Verse 25

The Assyrian; Sennacherib, and his Assyrian army. In my land; in Judea, which is my land in a peculiar manner, being chosen by me, and consecrated to my use and service, and inhabited by my people.

Upon my mountains; in my mountainous country, for such Judea was, Deuteronomy 8:9; Psalms 133:3; Ezekiel 6:2,Ezekiel 6:3; Ezekiel 39:2,Ezekiel 39:4,Ezekiel 39:17, especially about Jerusalem, Psalms 125:2, upon some of which probably his army was lodged.

Then shall his yoke depart from off them, and his burden depart from off their shoulders; which words are repeated from Isaiah 10:27, where they are explained.

Verse 26

Upon the whole earth; upon this vast empire, now in the hands of the Assyrians, and shortly to come into the hands of the Babylonians.

The whole earth is put synecdochically for a great part of it. The hand; the providence of God executing his purpose.

Verse 28

This following burdensome prophecy concerning the Philistines, who in Ahaz’s time made an inroad into Judah, and took divers of their cities and villages, 2 Chronicles 28:18.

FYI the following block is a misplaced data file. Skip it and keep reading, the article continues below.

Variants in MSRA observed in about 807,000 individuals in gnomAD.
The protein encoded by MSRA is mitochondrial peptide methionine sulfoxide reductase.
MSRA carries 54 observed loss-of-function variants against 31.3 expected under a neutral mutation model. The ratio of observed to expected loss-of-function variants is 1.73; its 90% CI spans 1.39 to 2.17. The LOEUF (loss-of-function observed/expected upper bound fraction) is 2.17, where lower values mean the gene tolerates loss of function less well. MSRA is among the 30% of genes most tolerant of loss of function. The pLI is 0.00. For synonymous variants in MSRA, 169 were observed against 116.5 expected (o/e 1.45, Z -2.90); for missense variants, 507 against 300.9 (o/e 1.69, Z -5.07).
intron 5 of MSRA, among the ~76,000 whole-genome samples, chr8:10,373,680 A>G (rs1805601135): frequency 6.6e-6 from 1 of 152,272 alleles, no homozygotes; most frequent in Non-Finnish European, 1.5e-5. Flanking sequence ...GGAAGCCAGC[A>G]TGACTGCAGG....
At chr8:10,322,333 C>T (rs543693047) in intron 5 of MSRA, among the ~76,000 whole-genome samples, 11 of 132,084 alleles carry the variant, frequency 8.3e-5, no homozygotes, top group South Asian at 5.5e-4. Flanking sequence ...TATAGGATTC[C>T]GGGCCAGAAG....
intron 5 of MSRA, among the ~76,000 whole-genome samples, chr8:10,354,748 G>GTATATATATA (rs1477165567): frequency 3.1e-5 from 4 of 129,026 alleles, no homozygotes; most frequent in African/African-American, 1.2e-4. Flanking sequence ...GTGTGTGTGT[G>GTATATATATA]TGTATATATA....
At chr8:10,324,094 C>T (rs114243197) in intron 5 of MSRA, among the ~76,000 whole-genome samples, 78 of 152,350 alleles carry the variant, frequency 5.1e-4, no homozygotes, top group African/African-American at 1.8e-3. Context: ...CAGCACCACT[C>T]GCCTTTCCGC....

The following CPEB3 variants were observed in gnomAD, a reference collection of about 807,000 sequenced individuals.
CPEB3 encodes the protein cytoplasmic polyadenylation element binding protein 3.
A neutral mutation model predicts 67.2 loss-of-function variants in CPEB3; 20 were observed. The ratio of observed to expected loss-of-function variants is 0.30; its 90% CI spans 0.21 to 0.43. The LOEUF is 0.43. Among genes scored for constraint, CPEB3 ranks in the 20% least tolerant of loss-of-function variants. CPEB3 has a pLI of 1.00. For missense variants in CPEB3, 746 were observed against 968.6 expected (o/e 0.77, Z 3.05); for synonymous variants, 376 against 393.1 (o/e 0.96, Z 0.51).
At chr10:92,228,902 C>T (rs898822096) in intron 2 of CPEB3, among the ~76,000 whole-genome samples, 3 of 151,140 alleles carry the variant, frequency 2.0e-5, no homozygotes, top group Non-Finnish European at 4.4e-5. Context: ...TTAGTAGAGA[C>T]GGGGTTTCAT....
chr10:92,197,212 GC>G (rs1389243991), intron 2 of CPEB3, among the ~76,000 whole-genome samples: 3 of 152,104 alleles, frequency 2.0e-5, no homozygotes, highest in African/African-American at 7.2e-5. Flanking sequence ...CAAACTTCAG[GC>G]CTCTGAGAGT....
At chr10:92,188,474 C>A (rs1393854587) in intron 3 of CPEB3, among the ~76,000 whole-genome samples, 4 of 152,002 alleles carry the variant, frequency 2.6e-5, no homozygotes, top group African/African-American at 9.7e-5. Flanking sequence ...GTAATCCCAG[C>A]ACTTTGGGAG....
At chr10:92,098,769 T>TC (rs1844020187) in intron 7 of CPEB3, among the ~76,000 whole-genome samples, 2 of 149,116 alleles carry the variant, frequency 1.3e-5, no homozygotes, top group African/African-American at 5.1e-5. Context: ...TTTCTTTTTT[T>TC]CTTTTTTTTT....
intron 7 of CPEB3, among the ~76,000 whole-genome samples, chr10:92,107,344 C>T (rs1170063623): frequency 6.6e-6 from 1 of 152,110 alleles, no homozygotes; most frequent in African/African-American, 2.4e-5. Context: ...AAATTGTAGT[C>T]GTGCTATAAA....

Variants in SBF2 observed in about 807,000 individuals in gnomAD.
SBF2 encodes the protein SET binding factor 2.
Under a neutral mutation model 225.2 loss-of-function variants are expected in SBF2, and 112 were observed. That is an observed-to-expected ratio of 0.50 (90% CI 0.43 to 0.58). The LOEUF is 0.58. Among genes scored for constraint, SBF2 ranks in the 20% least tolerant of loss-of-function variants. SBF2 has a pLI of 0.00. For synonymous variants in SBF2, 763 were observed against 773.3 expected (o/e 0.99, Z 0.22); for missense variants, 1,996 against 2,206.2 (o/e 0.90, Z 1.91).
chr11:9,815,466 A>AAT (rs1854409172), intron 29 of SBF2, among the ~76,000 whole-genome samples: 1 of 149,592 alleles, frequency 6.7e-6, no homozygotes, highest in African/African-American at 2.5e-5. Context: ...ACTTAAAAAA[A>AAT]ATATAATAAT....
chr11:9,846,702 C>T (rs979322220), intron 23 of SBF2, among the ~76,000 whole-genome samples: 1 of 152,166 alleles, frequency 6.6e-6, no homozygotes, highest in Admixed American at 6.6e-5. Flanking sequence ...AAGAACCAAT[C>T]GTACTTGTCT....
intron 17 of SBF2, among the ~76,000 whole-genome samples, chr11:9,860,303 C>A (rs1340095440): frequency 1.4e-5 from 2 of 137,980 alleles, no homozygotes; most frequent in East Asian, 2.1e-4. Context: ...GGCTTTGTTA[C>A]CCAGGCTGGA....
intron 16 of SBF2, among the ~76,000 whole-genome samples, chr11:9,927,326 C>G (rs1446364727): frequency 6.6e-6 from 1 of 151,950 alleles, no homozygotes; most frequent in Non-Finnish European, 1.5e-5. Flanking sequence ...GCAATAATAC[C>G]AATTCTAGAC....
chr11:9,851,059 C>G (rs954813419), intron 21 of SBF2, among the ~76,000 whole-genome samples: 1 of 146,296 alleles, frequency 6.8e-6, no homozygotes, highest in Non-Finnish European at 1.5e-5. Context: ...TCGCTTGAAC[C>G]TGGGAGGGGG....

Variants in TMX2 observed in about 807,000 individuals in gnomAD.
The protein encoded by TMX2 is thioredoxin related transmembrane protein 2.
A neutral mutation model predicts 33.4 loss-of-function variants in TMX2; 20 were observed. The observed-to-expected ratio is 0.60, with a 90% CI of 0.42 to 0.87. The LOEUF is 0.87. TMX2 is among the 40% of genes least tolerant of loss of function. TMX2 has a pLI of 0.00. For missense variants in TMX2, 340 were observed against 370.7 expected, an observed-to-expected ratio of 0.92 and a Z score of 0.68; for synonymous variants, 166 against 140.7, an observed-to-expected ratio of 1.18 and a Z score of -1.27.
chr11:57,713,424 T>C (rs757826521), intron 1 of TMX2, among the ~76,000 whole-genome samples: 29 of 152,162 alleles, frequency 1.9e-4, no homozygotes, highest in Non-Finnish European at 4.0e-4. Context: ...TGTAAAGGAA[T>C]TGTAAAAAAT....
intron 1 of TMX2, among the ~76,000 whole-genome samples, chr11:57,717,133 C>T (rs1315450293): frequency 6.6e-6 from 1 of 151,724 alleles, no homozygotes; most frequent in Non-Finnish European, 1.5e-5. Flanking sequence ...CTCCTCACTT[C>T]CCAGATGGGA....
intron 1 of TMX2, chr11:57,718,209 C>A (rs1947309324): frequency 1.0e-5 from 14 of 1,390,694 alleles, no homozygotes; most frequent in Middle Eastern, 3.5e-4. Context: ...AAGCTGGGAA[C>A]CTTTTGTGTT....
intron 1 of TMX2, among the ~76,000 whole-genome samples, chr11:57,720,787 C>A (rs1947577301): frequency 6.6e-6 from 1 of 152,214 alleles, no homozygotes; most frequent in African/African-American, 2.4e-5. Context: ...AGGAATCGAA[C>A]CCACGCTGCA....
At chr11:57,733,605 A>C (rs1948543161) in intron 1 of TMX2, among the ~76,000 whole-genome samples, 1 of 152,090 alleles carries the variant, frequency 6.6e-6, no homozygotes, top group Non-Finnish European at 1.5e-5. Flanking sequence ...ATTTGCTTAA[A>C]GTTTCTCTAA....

Verse 29

Of him that smote thee: most understand this of Uzziah, who did them much mischief, 2 Chronicles 26:6; but he was dead thirty-two years before this time, and therefore their joy for his death was long since past. Others understand it of Ahaz; but he was so far from smiting them, that he was smitten by them, as was noted on Isaiah 14:28. It seems better to understand it more generally of the royal race or foregoing kings of Judah, who had been a terrible scourge to them, whose rod might be said to be broken, because that sceptre was come into the hands of slothful and degenerate princes, such as Ahaz was, who had been lately broken by the Philistines, and who probably was alive when this prophecy was delivered, because he here speaks of Hezekiah not as a present, but as a future king. It is said indeed that this burden was in the year that Ahaz died; but so it might be, though it was before his death.